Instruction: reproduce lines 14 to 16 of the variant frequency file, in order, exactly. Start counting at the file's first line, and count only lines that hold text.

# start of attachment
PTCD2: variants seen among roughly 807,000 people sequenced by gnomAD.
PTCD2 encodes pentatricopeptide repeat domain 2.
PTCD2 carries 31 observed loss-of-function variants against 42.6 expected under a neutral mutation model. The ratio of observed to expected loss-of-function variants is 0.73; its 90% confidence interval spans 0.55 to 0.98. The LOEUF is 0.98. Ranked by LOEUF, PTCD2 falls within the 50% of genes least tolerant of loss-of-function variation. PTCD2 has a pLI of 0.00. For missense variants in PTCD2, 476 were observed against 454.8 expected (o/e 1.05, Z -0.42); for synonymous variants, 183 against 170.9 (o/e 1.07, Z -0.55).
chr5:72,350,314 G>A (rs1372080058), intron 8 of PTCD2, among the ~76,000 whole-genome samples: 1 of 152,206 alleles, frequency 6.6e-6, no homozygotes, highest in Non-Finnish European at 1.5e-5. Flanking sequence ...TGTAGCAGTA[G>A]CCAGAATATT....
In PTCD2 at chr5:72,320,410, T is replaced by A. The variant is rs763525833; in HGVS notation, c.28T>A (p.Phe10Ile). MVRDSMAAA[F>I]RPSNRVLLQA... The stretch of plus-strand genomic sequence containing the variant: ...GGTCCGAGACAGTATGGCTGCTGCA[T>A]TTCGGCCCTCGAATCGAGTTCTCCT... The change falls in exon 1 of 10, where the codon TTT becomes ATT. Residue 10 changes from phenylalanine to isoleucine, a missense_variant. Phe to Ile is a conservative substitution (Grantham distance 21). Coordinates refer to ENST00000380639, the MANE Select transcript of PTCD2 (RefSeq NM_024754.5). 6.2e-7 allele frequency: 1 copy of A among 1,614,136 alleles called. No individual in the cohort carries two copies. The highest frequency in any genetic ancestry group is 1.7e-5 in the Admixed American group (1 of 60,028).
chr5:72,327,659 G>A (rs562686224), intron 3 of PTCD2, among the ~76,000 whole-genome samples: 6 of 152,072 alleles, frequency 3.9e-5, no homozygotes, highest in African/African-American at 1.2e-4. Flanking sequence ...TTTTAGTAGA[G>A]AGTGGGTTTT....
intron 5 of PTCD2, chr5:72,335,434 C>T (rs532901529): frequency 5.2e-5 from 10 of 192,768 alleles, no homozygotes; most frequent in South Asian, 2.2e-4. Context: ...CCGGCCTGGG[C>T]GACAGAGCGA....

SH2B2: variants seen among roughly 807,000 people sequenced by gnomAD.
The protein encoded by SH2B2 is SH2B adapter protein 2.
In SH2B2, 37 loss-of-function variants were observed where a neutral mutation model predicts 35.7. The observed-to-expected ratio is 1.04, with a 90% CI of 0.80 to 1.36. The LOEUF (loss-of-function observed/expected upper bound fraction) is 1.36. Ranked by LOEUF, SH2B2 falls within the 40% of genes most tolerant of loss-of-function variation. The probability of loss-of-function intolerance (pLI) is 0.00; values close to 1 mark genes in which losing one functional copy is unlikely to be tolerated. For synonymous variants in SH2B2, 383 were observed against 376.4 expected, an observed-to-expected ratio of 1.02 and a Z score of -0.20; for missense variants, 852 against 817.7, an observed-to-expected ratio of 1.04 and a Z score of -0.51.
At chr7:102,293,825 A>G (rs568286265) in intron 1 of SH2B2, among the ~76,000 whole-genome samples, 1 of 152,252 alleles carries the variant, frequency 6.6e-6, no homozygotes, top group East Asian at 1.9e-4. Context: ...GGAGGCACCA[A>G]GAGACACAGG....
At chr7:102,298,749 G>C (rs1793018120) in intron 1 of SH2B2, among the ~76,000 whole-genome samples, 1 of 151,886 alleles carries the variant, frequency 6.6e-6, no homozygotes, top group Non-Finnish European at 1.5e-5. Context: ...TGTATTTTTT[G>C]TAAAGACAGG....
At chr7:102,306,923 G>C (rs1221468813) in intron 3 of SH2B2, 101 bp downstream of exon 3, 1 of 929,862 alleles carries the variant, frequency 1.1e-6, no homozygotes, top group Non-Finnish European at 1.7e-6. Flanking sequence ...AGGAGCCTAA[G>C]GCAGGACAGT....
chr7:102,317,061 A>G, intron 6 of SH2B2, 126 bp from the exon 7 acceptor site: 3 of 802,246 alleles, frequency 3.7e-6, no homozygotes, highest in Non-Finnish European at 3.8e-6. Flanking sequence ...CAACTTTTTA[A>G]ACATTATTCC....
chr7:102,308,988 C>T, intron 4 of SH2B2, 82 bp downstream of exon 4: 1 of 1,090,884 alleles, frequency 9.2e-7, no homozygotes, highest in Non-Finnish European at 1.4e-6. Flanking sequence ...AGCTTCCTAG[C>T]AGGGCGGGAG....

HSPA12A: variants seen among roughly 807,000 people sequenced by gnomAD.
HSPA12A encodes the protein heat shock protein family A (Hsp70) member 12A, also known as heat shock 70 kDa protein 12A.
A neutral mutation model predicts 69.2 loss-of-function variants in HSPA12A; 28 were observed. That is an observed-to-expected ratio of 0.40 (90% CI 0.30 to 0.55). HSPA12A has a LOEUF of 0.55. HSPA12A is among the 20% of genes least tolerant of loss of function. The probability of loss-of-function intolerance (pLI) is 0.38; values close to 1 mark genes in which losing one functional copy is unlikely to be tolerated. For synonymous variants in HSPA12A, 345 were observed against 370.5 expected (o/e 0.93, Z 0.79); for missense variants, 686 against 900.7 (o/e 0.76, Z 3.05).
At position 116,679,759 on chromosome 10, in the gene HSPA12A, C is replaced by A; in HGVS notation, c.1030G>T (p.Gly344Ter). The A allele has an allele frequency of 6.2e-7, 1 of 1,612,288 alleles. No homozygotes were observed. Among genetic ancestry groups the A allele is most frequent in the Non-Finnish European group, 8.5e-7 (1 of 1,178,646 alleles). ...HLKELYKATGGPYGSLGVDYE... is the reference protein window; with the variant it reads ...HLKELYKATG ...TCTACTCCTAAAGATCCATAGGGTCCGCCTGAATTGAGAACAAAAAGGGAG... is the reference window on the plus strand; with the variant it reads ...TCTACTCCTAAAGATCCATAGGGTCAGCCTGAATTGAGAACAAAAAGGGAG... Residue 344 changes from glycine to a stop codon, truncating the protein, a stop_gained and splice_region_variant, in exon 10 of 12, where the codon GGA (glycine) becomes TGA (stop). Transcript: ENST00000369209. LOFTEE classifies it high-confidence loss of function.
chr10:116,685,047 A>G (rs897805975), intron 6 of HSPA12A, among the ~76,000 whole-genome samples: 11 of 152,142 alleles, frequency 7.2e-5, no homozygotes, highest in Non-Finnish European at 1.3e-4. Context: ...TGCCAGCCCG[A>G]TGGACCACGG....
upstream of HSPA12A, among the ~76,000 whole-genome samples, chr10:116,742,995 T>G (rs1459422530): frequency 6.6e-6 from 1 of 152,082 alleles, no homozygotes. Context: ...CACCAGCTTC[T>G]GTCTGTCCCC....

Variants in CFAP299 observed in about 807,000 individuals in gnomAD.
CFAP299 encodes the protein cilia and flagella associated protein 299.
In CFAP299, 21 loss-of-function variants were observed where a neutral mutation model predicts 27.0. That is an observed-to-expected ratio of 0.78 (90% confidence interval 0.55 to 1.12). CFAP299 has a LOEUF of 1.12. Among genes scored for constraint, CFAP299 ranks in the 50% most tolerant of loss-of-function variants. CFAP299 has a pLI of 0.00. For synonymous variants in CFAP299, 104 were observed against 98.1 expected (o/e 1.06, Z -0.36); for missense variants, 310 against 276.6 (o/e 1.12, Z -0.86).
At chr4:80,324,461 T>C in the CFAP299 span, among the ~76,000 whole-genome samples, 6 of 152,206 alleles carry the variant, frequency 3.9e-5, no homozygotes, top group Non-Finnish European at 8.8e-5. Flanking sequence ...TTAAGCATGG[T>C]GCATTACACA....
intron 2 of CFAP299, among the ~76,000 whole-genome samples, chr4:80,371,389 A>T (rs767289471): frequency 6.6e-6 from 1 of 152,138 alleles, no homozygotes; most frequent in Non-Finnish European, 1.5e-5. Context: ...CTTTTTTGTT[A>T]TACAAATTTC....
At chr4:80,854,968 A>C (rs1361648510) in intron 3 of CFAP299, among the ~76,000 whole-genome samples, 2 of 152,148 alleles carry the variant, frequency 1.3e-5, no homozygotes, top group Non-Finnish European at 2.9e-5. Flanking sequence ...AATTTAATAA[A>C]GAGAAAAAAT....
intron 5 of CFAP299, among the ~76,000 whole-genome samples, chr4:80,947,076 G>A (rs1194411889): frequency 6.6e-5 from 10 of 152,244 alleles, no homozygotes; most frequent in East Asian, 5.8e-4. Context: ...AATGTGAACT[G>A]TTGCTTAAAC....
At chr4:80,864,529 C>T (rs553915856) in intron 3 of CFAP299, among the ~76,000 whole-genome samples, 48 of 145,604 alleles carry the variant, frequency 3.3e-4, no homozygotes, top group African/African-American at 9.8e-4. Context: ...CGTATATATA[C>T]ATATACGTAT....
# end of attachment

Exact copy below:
chr7:102,317,061 A>G, intron 6 of SH2B2, 126 bp from the exon 7 acceptor site: 3 of 802,246 alleles, frequency 3.7e-6, no homozygotes, highest in Non-Finnish European at 3.8e-6. Flanking sequence ...CAACTTTTTA[A>G]ACATTATTCC....
chr7:102,308,988 C>T, intron 4 of SH2B2, 82 bp downstream of exon 4: 1 of 1,090,884 alleles, frequency 9.2e-7, no homozygotes, highest in Non-Finnish European at 1.4e-6. Flanking sequence ...AGCTTCCTAG[C>T]AGGGCGGGAG....

HSPA12A: variants seen among roughly 807,000 people sequenced by gnomAD.